too much typing—since 2003

11.18.2004

"minus the kingdom, minus the power..."

A sad day for progressive rock fans. I found this on a Dutch prog-rock website.

Obituary

STROTHCLYDE, Arthur Jamison, age 59, on October 25, 2004.

Arthur Strothclyde, who spent the last twenty years tending a large catnip farm in southern Wales, played bass with a number of British progressive acts. His passing should prompt a look back at the best, but most unfairly overlooked, album Strothclyde ever played on, the milestone of progressive rock that is Queanswode-Manley Plough's Forever Endeavour a Man. Its 1973 release on Harvest Records was unfortunately overshadowed by the death of American chart artist Jim Croce that same week in a plane crash. QMP (pronounced "quimp"), as its fans called the band, began as the Cambridge-based folk ensemble The Merry Musketeers, which also featured QMP guitarists Roger Morton-Quinn and Clive Humber. Gradually incorporating rock instrumentation and a more aggressive instrumental attack (along the lines of the far-better known Fairport Convention), the Musketeers in late 1966 adopted their new moniker, yoking together two obscure cigarette lighter brandnames with a vague reference to Hexagram 7 of the I Ching. Their debut single (an adaptation of the Irish tune "Arthur McBride" led by electric sitar and layered crowd chants recorded at an antiwar protest) prompted mild controversy, which generated some sales and a bit of attention. A subsequent LP, Old Harvey's Neon Squaredance Hymnal, was released in February 1969, to little acclaim. Controversy having generated some sales with their first single, the band outdid itself with its next, a musically unremarkable bit of Kinks-influenced music-hall japery entitled "Sunny Jim." The sleeve, however, sported a montage of Princess Anne's head atop a fully nude male body drawn from Strothclyde's collection of vintage pornography. The single was banned, nearly all copies were destroyed, and the band retired to a Maoist ashram in the Outer Hebrides.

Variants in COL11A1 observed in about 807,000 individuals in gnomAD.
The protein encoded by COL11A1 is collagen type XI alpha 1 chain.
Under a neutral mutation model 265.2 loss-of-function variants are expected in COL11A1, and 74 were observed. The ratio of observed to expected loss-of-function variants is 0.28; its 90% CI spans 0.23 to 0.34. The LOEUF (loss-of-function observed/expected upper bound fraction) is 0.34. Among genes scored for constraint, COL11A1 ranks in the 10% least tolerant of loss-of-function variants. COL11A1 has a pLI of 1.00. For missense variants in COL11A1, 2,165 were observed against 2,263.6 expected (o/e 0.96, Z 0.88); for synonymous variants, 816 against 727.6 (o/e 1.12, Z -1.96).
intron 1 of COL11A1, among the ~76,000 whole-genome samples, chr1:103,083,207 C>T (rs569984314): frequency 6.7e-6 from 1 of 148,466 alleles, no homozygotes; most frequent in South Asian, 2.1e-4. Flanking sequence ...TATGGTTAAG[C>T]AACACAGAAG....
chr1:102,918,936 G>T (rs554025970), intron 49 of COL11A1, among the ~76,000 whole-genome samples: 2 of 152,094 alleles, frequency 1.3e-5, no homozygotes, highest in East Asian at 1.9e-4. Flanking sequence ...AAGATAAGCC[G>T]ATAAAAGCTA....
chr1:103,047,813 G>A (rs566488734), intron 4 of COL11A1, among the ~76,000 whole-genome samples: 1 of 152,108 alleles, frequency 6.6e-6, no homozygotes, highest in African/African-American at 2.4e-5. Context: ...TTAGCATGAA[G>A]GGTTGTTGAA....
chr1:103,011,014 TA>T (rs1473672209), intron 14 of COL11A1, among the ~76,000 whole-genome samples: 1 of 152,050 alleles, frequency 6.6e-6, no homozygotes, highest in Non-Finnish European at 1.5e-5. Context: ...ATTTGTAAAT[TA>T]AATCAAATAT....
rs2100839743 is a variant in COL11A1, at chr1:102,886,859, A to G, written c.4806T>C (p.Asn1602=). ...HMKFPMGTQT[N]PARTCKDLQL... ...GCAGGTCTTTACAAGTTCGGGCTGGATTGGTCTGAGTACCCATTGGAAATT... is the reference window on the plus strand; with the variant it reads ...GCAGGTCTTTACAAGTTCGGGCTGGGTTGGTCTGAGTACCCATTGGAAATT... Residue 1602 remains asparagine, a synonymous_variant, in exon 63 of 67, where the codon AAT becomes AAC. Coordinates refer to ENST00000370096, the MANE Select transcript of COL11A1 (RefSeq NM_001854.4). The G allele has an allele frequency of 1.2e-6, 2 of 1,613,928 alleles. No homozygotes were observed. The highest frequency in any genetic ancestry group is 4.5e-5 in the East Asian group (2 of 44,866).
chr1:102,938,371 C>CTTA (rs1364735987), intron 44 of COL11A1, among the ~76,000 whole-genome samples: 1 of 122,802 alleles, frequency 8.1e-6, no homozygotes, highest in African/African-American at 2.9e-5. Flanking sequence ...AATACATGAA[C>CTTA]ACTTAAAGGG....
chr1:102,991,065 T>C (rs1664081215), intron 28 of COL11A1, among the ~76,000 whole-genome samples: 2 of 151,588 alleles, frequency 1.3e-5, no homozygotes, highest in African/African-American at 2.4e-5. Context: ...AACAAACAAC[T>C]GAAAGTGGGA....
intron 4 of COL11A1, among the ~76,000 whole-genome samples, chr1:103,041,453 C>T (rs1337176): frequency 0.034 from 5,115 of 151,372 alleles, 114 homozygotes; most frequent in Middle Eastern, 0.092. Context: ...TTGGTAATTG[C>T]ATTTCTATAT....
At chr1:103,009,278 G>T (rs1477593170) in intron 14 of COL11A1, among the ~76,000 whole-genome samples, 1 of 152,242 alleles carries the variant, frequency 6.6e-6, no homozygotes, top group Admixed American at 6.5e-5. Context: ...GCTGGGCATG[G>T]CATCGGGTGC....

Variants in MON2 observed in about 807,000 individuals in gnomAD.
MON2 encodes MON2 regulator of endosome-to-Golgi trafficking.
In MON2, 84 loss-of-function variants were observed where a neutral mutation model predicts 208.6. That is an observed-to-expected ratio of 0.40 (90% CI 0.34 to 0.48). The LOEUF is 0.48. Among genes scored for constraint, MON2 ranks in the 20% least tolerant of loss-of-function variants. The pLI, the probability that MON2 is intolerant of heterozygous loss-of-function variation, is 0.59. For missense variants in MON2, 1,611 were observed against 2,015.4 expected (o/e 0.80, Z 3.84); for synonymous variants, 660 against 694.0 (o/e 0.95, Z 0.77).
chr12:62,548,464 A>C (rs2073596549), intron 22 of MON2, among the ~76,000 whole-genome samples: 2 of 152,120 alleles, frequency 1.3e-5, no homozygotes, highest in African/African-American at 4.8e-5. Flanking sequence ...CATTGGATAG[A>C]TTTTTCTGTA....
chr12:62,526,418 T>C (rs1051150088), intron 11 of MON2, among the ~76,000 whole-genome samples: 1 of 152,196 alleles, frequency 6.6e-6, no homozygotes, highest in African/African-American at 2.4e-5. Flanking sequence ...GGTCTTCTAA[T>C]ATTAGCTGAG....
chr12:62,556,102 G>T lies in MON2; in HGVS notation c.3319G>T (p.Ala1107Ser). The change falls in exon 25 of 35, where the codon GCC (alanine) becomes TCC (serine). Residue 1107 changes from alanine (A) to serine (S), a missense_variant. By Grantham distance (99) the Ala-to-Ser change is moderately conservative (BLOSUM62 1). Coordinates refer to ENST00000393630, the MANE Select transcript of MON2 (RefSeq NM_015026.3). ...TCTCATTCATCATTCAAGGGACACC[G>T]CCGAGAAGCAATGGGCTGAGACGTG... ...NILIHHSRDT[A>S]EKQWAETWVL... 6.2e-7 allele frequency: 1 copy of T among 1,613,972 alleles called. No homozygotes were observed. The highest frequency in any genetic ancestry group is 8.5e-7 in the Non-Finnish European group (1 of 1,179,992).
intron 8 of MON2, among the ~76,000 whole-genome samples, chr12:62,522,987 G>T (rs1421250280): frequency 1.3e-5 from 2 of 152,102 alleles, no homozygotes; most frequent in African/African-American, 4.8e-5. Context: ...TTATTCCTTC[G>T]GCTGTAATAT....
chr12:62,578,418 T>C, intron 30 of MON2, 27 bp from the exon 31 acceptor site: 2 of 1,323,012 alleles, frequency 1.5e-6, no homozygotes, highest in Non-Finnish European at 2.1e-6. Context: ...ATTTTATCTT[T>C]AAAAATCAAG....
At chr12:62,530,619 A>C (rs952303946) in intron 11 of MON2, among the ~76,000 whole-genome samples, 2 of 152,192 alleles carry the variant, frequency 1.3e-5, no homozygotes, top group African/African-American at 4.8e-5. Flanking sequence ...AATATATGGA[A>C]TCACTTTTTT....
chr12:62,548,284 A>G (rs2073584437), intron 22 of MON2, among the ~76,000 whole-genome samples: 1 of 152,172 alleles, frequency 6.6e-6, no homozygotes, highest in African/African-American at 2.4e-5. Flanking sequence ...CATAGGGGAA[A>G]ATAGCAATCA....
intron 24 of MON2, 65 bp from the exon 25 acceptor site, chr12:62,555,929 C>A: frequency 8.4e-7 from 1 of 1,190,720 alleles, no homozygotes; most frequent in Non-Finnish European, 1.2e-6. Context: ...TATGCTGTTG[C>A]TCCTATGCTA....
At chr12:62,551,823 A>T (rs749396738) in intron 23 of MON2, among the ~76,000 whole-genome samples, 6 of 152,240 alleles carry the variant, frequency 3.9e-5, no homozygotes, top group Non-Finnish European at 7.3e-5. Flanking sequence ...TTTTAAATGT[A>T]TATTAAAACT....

So it was that in early 1973, when word began filtering out that QMP was finally working on a new album, expectation lay with rather a light touch on the music scene of the day. QMP's previous releases gave little hint of the breadth and scope of Forever Endeavour a Man, a two-LP concept album drawing from the myths of Sisyphus and Oedipus, incorporating Christian symbolism, and built on a fourfold structure alluding simultaneously to the four seasons and the four classical elements. The album's narrative told the tale of Chris, a would-be rock star, who with his band Swollenfoot strives for artistic integrity in the face of a corrupt and uncaring music industry, a shrewish mother/manager, and a repressive legal system that frames Chris on bogus drug charges. After an unusually vivid dream featuring a sphinx-like alien god, Chris is beamed aboard a starship where he is told that he must pass a series of trials in order to be free to make music his way. These trials include being forced to work a three-day stint as studio tea-boy for a band of pimply bubblegum pop-stars (Prince Ponce and the Sky Pilots), a horrific nocturnal encounter with a disguised groupie and her terrible secret, and a surprising bit of comic relief in which Chris's attempts to deliver the Swollenfoot master tapes to the record company are repeatedly thwarted by his balky van's inability to climb a winding, icy roadway.